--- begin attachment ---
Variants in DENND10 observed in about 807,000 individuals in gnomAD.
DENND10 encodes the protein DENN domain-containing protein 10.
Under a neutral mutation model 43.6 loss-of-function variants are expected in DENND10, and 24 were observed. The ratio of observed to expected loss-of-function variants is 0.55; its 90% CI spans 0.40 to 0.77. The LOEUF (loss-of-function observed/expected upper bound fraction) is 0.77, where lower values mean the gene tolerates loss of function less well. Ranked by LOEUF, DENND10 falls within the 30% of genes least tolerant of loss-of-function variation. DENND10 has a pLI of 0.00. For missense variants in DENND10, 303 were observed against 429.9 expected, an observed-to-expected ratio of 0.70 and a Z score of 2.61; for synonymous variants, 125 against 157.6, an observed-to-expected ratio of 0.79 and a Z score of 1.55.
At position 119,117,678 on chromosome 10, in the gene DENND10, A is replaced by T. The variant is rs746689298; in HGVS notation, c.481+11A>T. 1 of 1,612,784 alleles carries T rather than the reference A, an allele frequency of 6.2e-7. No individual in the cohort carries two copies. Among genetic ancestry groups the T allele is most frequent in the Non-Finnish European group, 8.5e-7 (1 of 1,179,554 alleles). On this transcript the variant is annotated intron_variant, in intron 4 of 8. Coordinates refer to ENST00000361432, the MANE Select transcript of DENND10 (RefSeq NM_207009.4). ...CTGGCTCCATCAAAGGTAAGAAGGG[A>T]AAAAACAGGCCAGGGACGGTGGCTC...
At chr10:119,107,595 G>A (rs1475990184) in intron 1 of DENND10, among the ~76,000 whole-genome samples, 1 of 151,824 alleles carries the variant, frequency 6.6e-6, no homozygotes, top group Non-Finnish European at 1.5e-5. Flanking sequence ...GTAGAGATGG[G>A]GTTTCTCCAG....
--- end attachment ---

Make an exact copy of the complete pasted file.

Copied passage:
Variants in DENND10 observed in about 807,000 individuals in gnomAD.
DENND10 encodes the protein DENN domain-containing protein 10.
Under a neutral mutation model 43.6 loss-of-function variants are expected in DENND10, and 24 were observed. The ratio of observed to expected loss-of-function variants is 0.55; its 90% CI spans 0.40 to 0.77. The LOEUF (loss-of-function observed/expected upper bound fraction) is 0.77, where lower values mean the gene tolerates loss of function less well. Ranked by LOEUF, DENND10 falls within the 30% of genes least tolerant of loss-of-function variation. DENND10 has a pLI of 0.00. For missense variants in DENND10, 303 were observed against 429.9 expected, an observed-to-expected ratio of 0.70 and a Z score of 2.61; for synonymous variants, 125 against 157.6, an observed-to-expected ratio of 0.79 and a Z score of 1.55.
At position 119,117,678 on chromosome 10, in the gene DENND10, A is replaced by T. The variant is rs746689298; in HGVS notation, c.481+11A>T. 1 of 1,612,784 alleles carries T rather than the reference A, an allele frequency of 6.2e-7. No individual in the cohort carries two copies. Among genetic ancestry groups the T allele is most frequent in the Non-Finnish European group, 8.5e-7 (1 of 1,179,554 alleles). On this transcript the variant is annotated intron_variant, in intron 4 of 8. Coordinates refer to ENST00000361432, the MANE Select transcript of DENND10 (RefSeq NM_207009.4). ...CTGGCTCCATCAAAGGTAAGAAGGG[A>T]AAAAACAGGCCAGGGACGGTGGCTC...
At chr10:119,107,595 G>A (rs1475990184) in intron 1 of DENND10, among the ~76,000 whole-genome samples, 1 of 151,824 alleles carries the variant, frequency 6.6e-6, no homozygotes, top group Non-Finnish European at 1.5e-5. Flanking sequence ...GTAGAGATGG[G>A]GTTTCTCCAG....